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Reuters Health Information (2009-11-02): Female liver transplant recipients at higher risk for graft loss due to recurrent HCV


Female liver transplant recipients at higher risk for graft loss due to recurrent HCV

Last Updated: 2009-11-02 18:16:30 -0400 (Reuters Health)

NEW YORK (Reuters Health) - After liver transplantation for hepatitis C virus (HCV) cirrhosis, women in a recent study were at greater risk of graft loss than were men. Women also exhibited a trend towards decreased survival at 3 years.

The study results were presented yesterday in Boston at the annual meeting of the American Association for the Study of Liver Diseases.

Reappearance of HCV in the blood after transplant is virtually guaranteed. The current findings, said lead investigator Dr. Jennifer Lai, "highlight the need for close monitoring" of recurrence in the liver, as well as the appropriate timing of interventions, "such as anti-HCV treatment and...treatment of acute rejection."

Dr. Lai, from the University of California, San Francisco, and colleagues followed 839 patients (195 women, 644 men) transplanted at four major centers in the US between 2002 and 2007. All survived more than 30 days after transplant.

After a median follow-up of 3.1 years, graft loss from all causes was more frequent in women vs men (29.2% vs 24.1%), as was loss from recurrent HCV (12.3% vs 8.5%). There was a trend toward lower 3-year patient survival in the women, too (72.6% vs 77.6%).

On multivariate analysis, women were 45% more likely to experience graft loss from any cause, and 68% more likely to experience graft loss from recurrent HCV.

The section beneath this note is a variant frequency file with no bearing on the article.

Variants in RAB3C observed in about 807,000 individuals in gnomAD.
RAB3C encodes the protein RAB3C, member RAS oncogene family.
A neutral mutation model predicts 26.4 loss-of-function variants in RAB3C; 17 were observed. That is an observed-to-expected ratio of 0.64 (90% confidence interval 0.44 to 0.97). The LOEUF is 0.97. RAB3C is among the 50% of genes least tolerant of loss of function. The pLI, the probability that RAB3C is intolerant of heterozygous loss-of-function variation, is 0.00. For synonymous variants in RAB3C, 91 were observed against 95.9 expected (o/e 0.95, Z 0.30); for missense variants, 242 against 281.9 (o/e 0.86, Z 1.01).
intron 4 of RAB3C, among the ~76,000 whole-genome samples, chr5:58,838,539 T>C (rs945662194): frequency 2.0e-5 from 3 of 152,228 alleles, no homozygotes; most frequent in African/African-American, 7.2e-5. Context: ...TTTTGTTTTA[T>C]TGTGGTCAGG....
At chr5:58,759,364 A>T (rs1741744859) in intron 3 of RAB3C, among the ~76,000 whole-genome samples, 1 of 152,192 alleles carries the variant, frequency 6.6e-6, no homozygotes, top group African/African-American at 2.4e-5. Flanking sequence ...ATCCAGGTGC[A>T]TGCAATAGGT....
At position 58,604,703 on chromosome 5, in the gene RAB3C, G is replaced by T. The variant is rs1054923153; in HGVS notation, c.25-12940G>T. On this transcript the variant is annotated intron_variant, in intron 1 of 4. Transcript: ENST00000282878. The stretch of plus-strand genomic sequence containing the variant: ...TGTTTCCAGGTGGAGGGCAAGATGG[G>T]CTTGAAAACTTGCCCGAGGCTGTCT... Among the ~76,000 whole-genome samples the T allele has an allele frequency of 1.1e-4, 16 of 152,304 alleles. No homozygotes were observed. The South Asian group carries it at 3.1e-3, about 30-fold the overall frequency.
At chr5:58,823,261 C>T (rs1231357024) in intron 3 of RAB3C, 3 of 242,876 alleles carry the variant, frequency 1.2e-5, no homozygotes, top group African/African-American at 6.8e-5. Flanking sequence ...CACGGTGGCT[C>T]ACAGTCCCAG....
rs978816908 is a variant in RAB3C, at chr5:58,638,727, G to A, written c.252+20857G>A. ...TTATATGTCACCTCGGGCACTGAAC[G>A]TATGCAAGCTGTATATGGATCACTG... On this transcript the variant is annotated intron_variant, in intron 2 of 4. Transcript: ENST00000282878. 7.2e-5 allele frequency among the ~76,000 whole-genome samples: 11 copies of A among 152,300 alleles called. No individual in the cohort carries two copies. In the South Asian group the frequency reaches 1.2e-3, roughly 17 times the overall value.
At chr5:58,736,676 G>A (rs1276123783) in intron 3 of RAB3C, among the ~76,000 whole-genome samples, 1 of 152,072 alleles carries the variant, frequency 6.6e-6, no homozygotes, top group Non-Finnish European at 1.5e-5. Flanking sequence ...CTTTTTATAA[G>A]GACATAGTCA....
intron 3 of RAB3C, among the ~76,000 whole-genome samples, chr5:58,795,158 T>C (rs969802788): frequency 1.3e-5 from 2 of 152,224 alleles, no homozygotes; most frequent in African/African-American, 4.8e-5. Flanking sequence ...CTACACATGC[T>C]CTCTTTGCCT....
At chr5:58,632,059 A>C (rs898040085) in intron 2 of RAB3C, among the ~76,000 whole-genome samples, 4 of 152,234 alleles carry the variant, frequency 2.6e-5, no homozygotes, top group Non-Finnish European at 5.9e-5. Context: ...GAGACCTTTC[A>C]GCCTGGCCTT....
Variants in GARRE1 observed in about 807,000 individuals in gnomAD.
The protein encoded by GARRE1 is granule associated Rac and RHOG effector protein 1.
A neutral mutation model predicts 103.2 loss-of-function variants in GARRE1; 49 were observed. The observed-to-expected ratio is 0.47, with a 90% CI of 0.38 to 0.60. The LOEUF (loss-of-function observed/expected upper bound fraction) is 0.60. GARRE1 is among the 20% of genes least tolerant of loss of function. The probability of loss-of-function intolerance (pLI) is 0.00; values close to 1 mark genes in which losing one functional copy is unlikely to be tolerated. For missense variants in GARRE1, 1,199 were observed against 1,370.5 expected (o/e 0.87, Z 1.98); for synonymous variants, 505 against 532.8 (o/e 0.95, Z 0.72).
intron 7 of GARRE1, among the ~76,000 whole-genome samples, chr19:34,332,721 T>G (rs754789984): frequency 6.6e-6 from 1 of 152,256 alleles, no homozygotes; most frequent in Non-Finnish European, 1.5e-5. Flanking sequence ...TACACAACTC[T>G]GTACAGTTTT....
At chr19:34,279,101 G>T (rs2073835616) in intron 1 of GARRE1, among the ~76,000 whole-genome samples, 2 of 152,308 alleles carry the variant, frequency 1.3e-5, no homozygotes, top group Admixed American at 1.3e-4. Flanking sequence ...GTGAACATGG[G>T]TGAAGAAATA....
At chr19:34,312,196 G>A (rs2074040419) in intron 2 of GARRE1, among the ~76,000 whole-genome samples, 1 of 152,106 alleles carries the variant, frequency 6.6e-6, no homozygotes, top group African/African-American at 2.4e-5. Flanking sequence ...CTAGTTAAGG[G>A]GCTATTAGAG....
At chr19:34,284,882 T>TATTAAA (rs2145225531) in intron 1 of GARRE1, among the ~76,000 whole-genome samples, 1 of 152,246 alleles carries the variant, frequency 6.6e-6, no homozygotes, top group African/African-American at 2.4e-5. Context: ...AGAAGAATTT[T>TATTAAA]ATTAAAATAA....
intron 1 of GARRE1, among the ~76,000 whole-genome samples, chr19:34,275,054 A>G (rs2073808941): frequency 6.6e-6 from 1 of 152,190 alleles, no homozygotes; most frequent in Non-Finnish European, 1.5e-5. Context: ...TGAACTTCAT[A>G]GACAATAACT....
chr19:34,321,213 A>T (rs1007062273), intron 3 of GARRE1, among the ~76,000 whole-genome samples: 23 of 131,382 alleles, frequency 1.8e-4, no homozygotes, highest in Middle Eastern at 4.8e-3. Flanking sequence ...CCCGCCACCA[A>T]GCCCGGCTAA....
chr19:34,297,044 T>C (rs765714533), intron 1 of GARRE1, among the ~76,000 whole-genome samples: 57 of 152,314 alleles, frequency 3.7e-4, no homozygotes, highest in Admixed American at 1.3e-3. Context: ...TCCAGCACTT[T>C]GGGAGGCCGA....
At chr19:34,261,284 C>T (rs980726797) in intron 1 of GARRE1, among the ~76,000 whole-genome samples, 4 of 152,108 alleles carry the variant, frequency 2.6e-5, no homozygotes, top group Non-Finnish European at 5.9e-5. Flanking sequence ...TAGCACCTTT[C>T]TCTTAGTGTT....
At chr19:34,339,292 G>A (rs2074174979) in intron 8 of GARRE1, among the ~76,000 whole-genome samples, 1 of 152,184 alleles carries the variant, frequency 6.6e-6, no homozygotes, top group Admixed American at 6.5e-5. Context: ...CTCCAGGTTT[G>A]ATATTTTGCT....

"This gender difference is strikingly different from the nontransplant setting," the researchers wrote in their study abstract.

The abstract also notes that at the time of transplant, the women had a lower median glomerular filtration rate compared to the men (55 vs 75 ml/min/1.73m2) and a higher rate of recipient-donor sex mismatch (49% vs 34%).

"Further studies are needed to determine the etiology of this gender difference," Dr. Lai said. "However, exploratory analyses of our data generated some interesting hypotheses."

"First, is there a differential effect of aging in women versus men on outcomes? Second, does sex mismatch influence outcomes for women more than men? Third, what is the effect of decreased pre-transplant renal function in women at the time of transplant on their post-transplant outcomes, particularly on immunosuppression and rates of acute rejection?"

"These are all important areas of future research that we hope to explore with an expanded and prospective cohort," Dr. Lai concluded.

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